The anti-social behaviour that increases on our streets demands more policing, but again, no more funding is given to resource that policing.
Last Friday, in my constituency surgery, a reformed crack-cocaine addict – off drugs and wanting to turn her life around as a single parent – told me about the awful conditions in these office blocks; drugs, violence and intimidation. She presented me with a picture of her flat – a room smaller than some offices in the Commons.
How can she turn her life around, for her and her daughter, living in a place like that? I felt ashamed that we have allowed such a situation to happen, and disappointed that this Government isn’t doing enough to stop it
The previous Housing Secretary committed to a “review” of permitted development rights legislation and yet, what has been done?
We’re allowing social cleansing and ghettoisation and, all the while, we’re destroying towns up and down the country with this disastrous policy. If we are a Government that really believes in social justice and wants to make a difference, these kinds of places should be closed down, straight away.
Office conversions under permitted development rights must be stopped and local councils should have full say over planning. It’s no good us just being the Party of Help to Buy and Right to Buy (both of which I believe in), if we’re not also the Party for proper, decent housing for our most vulnerable families in our communities.
We need more R.U.M.
Like many Conservatives, I’m delighted with the Chancellor’s spending announcements. Billions for hospitals, billions for schools and billions for police – these are people’s genuine priorities.
But, the problem is, when we say we’re spending an extra £34 billion on the NHS, what does it actually mean for people in their day-to-day life, and for the hardworking NHS staff on the frontline?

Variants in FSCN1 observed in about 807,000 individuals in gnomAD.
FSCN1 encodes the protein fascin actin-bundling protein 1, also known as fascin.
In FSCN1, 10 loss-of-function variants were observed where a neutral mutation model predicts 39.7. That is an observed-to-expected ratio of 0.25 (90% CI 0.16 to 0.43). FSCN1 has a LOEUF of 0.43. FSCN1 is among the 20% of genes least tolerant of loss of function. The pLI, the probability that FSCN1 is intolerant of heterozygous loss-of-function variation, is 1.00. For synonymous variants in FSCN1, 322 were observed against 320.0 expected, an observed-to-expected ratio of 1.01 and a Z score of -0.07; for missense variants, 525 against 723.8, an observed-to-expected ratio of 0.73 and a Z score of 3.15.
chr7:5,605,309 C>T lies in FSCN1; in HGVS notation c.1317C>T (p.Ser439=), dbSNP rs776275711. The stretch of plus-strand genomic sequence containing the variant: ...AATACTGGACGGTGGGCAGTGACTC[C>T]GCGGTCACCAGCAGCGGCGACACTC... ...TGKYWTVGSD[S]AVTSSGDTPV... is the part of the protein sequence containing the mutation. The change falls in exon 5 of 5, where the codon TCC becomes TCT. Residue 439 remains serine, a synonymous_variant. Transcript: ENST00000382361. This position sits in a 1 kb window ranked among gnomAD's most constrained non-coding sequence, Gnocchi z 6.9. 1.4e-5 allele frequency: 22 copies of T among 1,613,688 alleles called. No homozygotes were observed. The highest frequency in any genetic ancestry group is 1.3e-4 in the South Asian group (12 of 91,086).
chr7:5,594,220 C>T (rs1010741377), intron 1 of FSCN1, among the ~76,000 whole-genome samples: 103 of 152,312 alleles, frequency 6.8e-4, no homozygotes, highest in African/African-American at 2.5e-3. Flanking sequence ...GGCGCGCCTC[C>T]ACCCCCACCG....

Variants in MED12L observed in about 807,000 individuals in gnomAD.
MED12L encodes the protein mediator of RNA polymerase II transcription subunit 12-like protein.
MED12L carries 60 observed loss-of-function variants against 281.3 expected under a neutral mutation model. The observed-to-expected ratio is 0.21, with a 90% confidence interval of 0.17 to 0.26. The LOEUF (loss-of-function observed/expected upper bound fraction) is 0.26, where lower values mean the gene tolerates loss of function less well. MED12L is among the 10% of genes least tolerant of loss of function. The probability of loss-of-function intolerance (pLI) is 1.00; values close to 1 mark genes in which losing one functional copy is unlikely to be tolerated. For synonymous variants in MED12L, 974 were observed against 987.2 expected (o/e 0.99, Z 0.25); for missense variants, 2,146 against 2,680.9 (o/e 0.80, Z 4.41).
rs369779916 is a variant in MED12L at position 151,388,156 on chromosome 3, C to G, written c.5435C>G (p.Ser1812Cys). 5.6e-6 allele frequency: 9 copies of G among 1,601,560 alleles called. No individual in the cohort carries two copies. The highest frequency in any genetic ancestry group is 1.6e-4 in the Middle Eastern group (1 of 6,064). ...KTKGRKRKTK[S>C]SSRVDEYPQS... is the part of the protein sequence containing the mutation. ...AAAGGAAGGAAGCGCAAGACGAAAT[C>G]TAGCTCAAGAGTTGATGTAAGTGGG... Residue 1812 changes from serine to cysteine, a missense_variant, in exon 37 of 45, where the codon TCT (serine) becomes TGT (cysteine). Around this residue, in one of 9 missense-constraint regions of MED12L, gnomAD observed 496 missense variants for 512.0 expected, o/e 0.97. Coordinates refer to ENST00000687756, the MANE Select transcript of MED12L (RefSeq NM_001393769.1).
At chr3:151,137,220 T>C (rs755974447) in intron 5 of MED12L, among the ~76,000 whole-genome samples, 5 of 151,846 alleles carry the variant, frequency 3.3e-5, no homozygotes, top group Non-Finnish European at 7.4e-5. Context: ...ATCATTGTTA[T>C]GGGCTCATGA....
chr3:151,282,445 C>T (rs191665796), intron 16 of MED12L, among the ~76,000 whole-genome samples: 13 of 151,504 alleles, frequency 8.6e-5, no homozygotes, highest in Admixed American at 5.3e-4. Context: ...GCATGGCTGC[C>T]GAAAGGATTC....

We recognise it’s a big number – but so is £34 million to most people. Of course, people understand we’re spending more on the NHS, but if we are to really change perceptions in our forthcoming election manifesto, we need more Retail, Understandable and Memorable policies. We need more R.U.M.
For example, which would be more effective: a generic commitment of spending £20 billion per year on the NHS, or spending just £200 million to scrap hospital car parking charges? The latter is Retail, Understandable, Memorable, and impacts almost everyone.
Again, we announced that we’re spending billions to cut student loans which won’t make that much practical, noticeable difference. But just imagine if we spent those billions on guaranteeing an apprenticeship for every young person.
We talk a lot about big corporation tax cuts which, of course, are beneficial but, again, to ordinary folk, it means very little. What would make an impactful difference would be to give every independent shopkeeper and business owner a huge tax rebate – millions of small businesses in our country would reap the benefits.
On overseas aid, a hugely controversial policy, we say we have to spend £14 billion a year. Just imagine if not even half of that was spent on sending our young people to do apprenticeships overseas in developing countries. Retail. Understandable. Memorable.
So, rather than esoteric spending announcements, let’s have some more R.U.M. – I happen to enjoy the other kind very much.